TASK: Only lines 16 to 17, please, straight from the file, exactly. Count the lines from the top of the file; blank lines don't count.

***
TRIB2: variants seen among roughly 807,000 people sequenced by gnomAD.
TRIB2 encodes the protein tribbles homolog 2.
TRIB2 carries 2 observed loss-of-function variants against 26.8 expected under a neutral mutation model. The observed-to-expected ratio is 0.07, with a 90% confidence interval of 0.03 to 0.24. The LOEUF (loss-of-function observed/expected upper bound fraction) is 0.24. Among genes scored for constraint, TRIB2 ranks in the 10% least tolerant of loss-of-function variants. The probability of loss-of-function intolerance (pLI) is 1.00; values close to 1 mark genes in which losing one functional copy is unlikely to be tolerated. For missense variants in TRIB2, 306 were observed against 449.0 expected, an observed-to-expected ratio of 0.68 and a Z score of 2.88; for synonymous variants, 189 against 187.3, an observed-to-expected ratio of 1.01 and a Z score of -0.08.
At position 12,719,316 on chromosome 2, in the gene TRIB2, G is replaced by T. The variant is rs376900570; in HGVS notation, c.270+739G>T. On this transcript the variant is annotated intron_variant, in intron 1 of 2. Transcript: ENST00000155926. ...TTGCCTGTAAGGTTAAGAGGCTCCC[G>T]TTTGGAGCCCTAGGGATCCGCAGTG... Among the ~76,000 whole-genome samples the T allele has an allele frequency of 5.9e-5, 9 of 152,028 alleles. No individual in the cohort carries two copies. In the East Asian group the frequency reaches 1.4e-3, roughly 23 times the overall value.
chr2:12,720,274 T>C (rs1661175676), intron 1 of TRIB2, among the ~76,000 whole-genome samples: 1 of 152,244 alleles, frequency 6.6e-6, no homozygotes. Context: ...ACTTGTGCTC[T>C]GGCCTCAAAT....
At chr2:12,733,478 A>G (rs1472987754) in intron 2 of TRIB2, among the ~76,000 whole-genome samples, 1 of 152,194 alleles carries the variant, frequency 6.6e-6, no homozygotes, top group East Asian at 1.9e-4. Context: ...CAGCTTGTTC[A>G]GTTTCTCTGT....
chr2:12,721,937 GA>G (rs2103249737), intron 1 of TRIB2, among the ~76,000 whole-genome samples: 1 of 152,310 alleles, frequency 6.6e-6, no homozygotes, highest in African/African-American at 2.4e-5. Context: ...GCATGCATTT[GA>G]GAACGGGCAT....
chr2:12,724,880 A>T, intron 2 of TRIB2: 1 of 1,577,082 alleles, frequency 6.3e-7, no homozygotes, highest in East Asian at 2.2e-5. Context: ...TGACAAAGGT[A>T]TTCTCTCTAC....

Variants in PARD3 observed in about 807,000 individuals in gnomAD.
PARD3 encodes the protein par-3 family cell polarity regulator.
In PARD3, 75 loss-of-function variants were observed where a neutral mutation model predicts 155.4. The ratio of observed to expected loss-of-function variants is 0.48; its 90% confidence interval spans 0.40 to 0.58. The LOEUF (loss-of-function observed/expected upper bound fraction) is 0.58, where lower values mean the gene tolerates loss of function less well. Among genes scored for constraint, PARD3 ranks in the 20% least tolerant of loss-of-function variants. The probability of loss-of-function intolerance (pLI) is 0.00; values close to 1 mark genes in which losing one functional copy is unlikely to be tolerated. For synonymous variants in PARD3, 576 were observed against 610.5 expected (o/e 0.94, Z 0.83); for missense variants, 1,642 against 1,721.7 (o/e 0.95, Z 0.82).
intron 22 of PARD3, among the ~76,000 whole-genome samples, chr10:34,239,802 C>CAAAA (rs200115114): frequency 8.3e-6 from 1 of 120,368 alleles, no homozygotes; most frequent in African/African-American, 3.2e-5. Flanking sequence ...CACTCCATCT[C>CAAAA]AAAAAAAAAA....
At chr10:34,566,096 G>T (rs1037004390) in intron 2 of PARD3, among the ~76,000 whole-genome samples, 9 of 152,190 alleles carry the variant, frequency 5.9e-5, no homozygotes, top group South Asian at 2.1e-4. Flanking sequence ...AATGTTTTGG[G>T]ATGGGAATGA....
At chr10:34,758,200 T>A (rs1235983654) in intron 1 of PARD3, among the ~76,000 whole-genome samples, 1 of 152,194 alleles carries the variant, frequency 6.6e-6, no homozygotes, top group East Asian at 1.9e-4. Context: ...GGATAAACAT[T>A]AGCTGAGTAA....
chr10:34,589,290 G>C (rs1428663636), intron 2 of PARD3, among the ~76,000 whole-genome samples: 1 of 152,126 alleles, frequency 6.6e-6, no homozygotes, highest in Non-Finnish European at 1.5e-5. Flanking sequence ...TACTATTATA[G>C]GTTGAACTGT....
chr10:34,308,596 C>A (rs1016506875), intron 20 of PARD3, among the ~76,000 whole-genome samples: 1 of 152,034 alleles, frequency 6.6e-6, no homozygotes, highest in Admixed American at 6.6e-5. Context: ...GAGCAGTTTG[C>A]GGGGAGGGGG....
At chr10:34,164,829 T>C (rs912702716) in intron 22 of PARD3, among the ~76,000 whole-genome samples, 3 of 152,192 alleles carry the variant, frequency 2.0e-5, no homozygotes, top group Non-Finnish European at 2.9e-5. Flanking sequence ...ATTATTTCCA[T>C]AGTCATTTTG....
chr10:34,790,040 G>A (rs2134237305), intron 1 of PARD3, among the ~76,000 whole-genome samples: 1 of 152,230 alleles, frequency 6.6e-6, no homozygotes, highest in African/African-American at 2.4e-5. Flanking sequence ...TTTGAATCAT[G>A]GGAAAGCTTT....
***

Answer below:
chr10:34,308,596 C>A (rs1016506875), intron 20 of PARD3, among the ~76,000 whole-genome samples: 1 of 152,034 alleles, frequency 6.6e-6, no homozygotes, highest in Admixed American at 6.6e-5. Context: ...GAGCAGTTTG[C>A]GGGGAGGGGG....
At chr10:34,164,829 T>C (rs912702716) in intron 22 of PARD3, among the ~76,000 whole-genome samples, 3 of 152,192 alleles carry the variant, frequency 2.0e-5, no homozygotes, top group Non-Finnish European at 2.9e-5. Flanking sequence ...ATTATTTCCA[T>C]AGTCATTTTG....